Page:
"It's called a breakup because it's broken." I don't have any ex boyfriends out there who I am still pining for, who I wish I was still with, or who frequently cross my mind (or my path) for any reason. Each of my individual relationships ended for good reason, at a good time, when they were no longer benefiting my life or making me a better person. I have had relationships end because they were simply not satisfying any longer, because they were boring, because of cheating and lying, and because of abuse that I was no longer able to tolerate. I have also had relationships end simply because one of the two of us had lost interest or were not ready for an adult relationship. Across the board, though, each of my relationships was - and is - over for a reason, and I am not left with any regret or wonderment over the classic, what if.

None of the guys I have dated in the past are a staple in my life presently. And I feel that with most of my friends, that statement reigns true. Very few people I know (or have known) maintain relationships with ex boy or girlfriends. Because, it's called a breakup because it's broken. There is a reason you are no longer with this person, so why would you continue on some feeble effort to maintain some weird friendship after a romantic relationship did not succeed? For most of us, we don't. We wash our hands, we say goodbye, and we move forward as best we can, attempting to heal from the wounds in place well enough to be successful in the next relationship we find ourselves. And even in the instances where a friendship does remain possible, that friendship is only possible because you were able to get out before you got too far in; before you got to that point of no return. 

So, knowing what we know about how people generally feel about their exes, what is it that continues to make us jealous of those exes? Why are we jealous over a Facebook post or a Snapchat, and why are we nervous or uncomfortable running into someone's ex? Why do we care what they're saying or doing, what they're texting or emailing? Knowing that we are the one in the current relationship, the one making our partner's life better, why does it matter so much what their ex is doing?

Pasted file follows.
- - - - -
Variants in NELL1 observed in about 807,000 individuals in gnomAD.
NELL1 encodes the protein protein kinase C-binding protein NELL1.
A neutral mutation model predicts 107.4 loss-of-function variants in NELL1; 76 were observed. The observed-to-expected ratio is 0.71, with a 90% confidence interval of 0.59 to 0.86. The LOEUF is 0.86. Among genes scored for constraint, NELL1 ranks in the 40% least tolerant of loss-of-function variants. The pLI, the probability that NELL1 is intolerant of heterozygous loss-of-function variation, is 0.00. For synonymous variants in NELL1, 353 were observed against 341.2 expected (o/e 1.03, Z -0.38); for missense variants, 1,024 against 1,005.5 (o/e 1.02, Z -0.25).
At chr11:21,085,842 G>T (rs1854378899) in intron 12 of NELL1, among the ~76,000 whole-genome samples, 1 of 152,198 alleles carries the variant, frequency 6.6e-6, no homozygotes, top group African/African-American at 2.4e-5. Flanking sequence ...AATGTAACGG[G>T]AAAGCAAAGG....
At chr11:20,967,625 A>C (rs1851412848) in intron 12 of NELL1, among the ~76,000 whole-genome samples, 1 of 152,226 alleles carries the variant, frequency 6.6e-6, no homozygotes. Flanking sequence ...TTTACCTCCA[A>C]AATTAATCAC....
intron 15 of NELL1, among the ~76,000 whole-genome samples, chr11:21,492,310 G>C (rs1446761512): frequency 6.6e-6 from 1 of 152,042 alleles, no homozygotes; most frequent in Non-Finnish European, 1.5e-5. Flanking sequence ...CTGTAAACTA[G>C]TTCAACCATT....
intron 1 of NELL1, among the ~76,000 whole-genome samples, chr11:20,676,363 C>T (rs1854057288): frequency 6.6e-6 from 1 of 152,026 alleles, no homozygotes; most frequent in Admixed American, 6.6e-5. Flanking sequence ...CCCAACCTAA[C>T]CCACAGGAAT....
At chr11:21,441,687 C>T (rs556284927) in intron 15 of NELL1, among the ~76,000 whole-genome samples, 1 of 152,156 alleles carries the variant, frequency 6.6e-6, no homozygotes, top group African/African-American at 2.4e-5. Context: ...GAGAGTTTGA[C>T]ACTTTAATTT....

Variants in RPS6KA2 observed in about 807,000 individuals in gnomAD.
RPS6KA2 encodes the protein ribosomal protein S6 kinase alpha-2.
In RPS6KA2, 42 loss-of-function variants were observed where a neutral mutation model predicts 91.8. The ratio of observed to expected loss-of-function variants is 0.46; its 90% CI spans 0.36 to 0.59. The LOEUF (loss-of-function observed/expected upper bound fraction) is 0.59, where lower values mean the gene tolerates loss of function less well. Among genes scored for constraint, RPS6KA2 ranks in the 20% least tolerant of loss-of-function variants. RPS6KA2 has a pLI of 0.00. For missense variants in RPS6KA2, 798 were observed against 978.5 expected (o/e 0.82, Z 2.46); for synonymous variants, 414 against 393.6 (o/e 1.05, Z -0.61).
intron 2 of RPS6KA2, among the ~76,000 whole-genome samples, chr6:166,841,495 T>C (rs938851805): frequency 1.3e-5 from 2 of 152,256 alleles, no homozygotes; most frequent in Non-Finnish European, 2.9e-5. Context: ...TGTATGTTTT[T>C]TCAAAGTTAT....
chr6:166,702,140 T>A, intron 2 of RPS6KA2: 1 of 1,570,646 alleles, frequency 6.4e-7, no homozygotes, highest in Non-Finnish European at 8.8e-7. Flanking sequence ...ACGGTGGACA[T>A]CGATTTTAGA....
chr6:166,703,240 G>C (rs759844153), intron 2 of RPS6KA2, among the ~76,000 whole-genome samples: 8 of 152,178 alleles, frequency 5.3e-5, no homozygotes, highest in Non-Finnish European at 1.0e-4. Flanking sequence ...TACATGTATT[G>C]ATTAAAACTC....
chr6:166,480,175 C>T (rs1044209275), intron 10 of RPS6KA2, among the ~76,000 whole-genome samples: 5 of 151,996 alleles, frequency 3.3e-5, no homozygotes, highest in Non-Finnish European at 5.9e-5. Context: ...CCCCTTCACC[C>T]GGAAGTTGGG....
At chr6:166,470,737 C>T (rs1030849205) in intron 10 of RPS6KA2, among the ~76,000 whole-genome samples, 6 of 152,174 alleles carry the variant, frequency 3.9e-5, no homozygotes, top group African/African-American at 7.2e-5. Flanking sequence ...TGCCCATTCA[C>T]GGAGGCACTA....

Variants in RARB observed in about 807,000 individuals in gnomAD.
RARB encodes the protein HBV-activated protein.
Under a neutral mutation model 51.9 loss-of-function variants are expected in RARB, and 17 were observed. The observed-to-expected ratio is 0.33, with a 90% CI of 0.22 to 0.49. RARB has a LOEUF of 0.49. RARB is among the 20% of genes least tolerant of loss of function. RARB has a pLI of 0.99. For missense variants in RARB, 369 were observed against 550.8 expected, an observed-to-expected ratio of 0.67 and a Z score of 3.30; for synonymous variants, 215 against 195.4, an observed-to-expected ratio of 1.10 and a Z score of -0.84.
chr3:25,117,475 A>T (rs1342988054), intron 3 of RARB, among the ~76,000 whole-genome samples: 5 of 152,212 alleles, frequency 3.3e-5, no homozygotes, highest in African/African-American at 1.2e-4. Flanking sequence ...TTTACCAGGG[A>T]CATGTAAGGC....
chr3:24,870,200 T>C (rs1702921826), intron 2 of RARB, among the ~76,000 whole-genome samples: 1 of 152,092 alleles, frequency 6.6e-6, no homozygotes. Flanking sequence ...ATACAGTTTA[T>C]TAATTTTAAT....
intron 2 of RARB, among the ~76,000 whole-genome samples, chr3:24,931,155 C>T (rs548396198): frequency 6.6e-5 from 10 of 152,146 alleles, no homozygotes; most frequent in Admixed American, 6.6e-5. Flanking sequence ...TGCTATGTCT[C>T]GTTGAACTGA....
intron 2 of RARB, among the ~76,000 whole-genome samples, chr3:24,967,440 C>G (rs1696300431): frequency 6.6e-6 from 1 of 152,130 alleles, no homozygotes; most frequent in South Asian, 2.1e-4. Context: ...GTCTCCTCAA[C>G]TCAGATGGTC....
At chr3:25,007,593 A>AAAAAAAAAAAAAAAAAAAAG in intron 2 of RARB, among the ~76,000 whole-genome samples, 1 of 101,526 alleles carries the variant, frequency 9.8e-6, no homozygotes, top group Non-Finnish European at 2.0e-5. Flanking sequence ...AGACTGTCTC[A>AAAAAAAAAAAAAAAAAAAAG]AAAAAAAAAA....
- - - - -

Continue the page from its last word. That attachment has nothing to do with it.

Our logical brain tells us, it doesn't. It really doesn't matter. I could run into all of my ex boyfriends in one day, and it would be like any other day, albeit a bit more awkward. But seeing any one of them at a party or running into them somewhere does not change the fact that they are, in fact, an ex; a person from my past who no longer matters in my present. I could get an email from anyone I've ever broken up with today, and it would have literally zero to do with how deeply content I am with the man who woke up next to me this morning. Whether someone finds me on Facebook or reads my blog, has no relevance in my current relationship. And I assume the same is true for most of us. Our logical brain knows that we really don't care what is happening in the world of our ex boy or girlfriend, and that what matters lies in our current relationship.

Keeping our logic just out of reach, however, is our jealous and/or crazy brain, trying to convince us that is does matter. Crazy brain wants to know why you're friends with your ex on Facebook, or what they could possibly be sending you in a Snapchat - I mean, come on, we all know Snapchat was invented for the sole purpose of sexting without evidence! Crazy brain wants it to bother you, wants it to drive you mad, wants it to piss you off. And crazy brain tends to be stronger, faster, louder than logical brain. Which is ultimately why we sometimes do find ourselves caring about (and being jealous of) the ex. Because crazy brain easily takes control and takes over, and because we often don't even see it coming until it's too late: until we're fully jealous over nothing.

It can be hard to reign in our crazy brain, but our current relationships - and our lives in general, really - are so much better when we get a handle on it and live more in our logical brain. Am I suggesting that I am never jealous, never crazy, never upset about something I read on Facebook? Of course not. I'm human, and it happens. But when it does happen, I have a couple of choices to make. Do I choose to let crazy brain take over and ruin our day, making it hard to maintain any sane level or normalcy? Or do I choose to get it together and remind myself that everyone has a past, and that the past sometimes makes a slight appearance in the present?

Everyone has a past. And truthfully, we all carry baggage from the past into our future; maybe running into someone's ex, or having to meet them at an event, or seeing them on Facebook or Snapchat, is just another means of the baggage we chose to accept in our partner. When you start a relationship with someone, you do take on some of their past - maybe they are afraid of commitment, or maybe the idea of moving in with you is both exciting and simultaneously really frightening, or maybe they've been cheated on or pushed around. Whatever it may be, we all have baggage, we all have triggers, and the person who takes that on, accepts it. The same goes both ways - when I take on a new relationship, I am accepting that person for their past, present, and future, and that includes the messy parts.

The truth is, perfection does not exist. And if it did, it would be insanely boring. I can't imagine a perfect world, with a cookie cutter house and white picket fence, with a perfect boy waiting for me to present him with a perfect meal day in and day out. Perfection isn't real; messy is real. Messy is passionate and deep. Messy is what you fall in love with, the type of love that leaves you tangled in the sheets, wrapped up in each other's arms and legs, at the end of the day. So maybe you have to deal with someone's ex, and maybe they have to deal with yours, but that's just a little bit of mess that connects the two of you on a level you didn't realize you could ever have.